The Trades Union Congress (TUC) has accused the government of deliberately adopting a hard-line position in its ongoing base-pay negotiations.
According to the TUC, almost eight months into the year, “we do not see an end in sight. And it appears to us that the government is deliberately delaying the process by adopting a hard-line position that does not accord with good faith negotiations”.
At a press conference in Accra yesterday, the Secretary General of the TUC, Mr Kofi Asamoah, said the “government is failing to recognise that negotiations hinge on dialogue and not imposition”.
He, therefore, urged the government to stop the delay tactics because it would neither be to its benefit nor that of workers and industrial harmony.
Mr Asamoah, however, commended the government for the yeoman’s job done in the area of the Single Spine Salary Structure (SSSS), saying, “Let me hasten to add that bringing together over half a million workers onto a single vertical salary structure and establishing the appropriate relativities across and within service classifications was not an easy task.”
“The task was much more difficult than probably anticipated. In this regard, I commend the government, in particular the Fair Wages and Salaries Commission (FWSC) and all the unions involved in the process, for the hard work that has led to the development of the SSSS,” he said.
This notwithstanding, he registered the TUC’s displeasure with the government, saying, “Public sector workers and their unions have had to endure vilification from the very partner we are negotiating with. Government commentators have unfairly represented public sector workers and their pay as the cause of the meat going down to the bone.”
Setting the records straight
“We are told that Ghana spends over 72 per cent of its total revenue on paying public sector workers. And that the single spine pay policy is the singular cause of all that has gone wrong with the country’s public finances.
“For the records, organised labour officially repudiates the strenuous efforts to blame the wage bill and, for that matter, the SSSS for the mess in public finance management,” he said, adding, “the figures available to us show clearly that even with the clearance of arrears from 2010 and 2011, the provisional outturn for 2012 in terms of public sector emoluments as a ratio of total revenue was 46.28 per cent lower than the proportion recorded in 2008.”
According to Mr Asamoah, “in terms of Gross Domestic Product (GDP), the public sector wage bill was 9.8 per cent of GDP in 2012. When oil revenues are excluded, public sector wage consumed 55.31 per cent of revenue. When the arithmetic is done, taking into consideration only tax revenues, public sector wage consumed 57.94 per cent of total tax revenue in 2012.”
“These are significant proportions by any measure but they fall short of the figures the government and its officials are touting to the public. It leads us to ask the obvious question:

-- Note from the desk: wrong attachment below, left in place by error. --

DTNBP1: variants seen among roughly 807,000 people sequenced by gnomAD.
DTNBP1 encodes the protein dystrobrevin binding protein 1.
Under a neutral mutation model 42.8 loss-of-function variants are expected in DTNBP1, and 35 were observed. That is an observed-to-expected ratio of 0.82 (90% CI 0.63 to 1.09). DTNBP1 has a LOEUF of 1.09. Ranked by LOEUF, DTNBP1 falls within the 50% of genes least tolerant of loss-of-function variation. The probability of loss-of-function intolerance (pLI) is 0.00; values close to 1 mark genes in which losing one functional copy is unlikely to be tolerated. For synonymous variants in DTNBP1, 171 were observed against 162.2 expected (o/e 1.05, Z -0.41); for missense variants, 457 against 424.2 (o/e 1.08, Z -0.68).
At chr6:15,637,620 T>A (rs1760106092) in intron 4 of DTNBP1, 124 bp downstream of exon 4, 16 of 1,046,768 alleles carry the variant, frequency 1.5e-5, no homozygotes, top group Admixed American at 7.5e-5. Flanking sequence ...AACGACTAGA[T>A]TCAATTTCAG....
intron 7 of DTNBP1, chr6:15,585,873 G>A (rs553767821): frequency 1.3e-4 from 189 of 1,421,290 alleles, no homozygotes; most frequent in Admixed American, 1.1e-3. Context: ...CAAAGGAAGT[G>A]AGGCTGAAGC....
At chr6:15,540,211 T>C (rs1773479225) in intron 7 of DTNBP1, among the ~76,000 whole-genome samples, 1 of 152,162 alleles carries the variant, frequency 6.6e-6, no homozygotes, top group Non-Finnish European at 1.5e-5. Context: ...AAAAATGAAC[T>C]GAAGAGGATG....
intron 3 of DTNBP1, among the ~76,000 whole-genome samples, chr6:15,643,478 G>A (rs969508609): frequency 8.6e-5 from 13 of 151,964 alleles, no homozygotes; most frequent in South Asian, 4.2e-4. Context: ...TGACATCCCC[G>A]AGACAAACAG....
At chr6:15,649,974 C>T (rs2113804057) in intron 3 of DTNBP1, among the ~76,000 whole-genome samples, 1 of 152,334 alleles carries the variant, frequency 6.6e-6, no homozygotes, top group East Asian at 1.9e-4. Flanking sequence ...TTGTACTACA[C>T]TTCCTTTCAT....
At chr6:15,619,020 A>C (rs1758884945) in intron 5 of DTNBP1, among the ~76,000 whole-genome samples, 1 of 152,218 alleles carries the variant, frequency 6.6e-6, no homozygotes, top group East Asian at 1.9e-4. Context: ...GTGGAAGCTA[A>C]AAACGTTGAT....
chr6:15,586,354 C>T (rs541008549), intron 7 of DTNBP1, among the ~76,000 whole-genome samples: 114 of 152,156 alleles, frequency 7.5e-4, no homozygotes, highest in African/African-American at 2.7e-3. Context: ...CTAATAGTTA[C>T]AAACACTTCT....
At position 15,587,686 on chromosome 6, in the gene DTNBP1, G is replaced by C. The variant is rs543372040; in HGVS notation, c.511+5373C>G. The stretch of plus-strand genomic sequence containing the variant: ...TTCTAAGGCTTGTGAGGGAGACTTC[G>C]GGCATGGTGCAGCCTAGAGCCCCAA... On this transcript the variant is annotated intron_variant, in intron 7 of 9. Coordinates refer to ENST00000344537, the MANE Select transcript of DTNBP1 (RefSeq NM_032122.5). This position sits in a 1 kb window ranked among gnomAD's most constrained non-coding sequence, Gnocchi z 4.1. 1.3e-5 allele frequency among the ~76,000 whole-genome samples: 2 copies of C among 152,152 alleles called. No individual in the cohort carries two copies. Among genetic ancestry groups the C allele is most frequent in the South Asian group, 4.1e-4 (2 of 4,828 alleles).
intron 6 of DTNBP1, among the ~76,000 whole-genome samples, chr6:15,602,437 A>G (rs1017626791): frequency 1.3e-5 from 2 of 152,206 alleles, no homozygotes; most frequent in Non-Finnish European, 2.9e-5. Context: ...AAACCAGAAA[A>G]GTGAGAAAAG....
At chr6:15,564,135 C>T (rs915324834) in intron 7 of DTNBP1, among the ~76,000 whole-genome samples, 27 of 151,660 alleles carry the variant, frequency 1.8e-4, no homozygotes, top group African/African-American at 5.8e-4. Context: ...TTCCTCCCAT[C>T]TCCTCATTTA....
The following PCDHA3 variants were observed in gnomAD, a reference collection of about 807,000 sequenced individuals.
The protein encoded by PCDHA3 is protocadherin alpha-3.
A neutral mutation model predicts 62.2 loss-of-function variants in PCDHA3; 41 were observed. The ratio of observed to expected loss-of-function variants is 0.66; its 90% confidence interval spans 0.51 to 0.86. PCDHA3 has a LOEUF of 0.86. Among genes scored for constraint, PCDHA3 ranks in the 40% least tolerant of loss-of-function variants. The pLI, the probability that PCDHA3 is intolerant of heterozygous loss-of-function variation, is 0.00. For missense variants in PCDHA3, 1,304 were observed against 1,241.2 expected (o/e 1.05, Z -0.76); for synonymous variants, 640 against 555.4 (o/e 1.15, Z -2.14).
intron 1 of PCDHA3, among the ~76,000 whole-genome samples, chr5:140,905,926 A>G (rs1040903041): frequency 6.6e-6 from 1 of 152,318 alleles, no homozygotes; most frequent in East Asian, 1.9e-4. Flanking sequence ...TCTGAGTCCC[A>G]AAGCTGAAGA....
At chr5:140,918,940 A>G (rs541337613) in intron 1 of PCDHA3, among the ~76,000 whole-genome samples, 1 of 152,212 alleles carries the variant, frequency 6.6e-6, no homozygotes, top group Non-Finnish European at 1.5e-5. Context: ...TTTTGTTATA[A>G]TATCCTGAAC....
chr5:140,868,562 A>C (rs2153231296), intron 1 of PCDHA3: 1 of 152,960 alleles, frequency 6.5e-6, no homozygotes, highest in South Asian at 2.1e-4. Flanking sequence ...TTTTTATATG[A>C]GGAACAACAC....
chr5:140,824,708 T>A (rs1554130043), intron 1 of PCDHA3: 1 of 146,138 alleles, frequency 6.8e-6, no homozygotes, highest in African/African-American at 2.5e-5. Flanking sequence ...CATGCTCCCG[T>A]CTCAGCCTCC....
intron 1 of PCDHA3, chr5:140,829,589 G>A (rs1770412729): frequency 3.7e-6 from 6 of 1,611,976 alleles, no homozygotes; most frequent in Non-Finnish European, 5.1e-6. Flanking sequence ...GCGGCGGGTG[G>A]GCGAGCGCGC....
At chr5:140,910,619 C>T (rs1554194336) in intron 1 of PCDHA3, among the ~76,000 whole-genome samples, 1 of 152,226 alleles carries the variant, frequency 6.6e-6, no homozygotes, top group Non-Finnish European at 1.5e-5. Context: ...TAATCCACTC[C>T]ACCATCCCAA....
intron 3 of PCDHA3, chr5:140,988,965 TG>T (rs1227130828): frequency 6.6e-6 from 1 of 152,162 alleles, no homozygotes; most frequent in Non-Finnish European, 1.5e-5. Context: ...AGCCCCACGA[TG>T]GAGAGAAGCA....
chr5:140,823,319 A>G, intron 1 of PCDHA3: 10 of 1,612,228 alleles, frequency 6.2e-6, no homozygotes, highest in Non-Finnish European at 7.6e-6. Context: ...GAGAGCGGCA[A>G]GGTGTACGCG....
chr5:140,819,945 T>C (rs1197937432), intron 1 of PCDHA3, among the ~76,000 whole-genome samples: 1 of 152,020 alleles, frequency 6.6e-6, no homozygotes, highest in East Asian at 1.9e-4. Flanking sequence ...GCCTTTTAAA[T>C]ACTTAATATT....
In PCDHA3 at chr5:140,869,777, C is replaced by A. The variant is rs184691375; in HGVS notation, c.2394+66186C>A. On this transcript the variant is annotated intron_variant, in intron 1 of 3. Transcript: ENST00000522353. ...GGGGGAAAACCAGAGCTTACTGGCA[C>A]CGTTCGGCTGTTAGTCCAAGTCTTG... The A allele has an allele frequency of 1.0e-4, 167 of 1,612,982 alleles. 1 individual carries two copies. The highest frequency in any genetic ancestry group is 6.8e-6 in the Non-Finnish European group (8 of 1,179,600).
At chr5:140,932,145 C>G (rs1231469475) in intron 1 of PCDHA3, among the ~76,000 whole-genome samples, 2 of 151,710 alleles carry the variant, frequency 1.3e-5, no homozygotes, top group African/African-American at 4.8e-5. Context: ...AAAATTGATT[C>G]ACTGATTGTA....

hy is the government, the custodian of official statistics in Ghana, putting figures it knows are not correct into the public domain? Probably to excuse itself and pass the blame to workers,” he said.
“We have stated previously that a large proportion of the public sector wage bill has been appropriated to the few politicians classified under Article 71 of the Constitution. These privileged few are not part of the single spine. But we are all aware of the gargantuan salaries they awarded themselves, including their ex gratia. All this has fed into the wage bill,” he added.
He said the SSSS, therefore, could not be the sole reason for the rising wage bill, adding, “We have, on countless occasions, requested the government to disaggregate the public sector pay envelop for informed analysis of who takes what as we define a clearer way forward. We urge the government to respond to that call in the interest of transparency and accountability.”
“We are also aware of the gross mismanagement that has characterised the public sector compensation system in recent times, a situation that we attribute to the failure of politicians to allow technocrats to administer the pay system,” he said.
Appeal to government
He called on the government to rather check and concentrate its efforts on the large-scale mismanagement, including mismanagement in the public payroll system and pure corruption, both of which had engulfed the country and led to leakages on the revenue side and waste on the expenditure.
According to him, “as part of the road map to the implementation of the SSSS, some issues were due for negotiation this year, but, sadly, government is dragging its feet on even the base pay itself. There are elements in government that are calling for the suspension of the single spine pay policy. Such groups were also the loudest in touting the achievements just a year ago using the single spine. Unfortunately, they have no credible alternatives”.
“We in organised labour are of the view that the single spine pay policy offers government the best opportunity to manage its compensation policy and with it a strong and well-resourced institution to administer same. The alternative will be chaos,” Mr Asamoah said.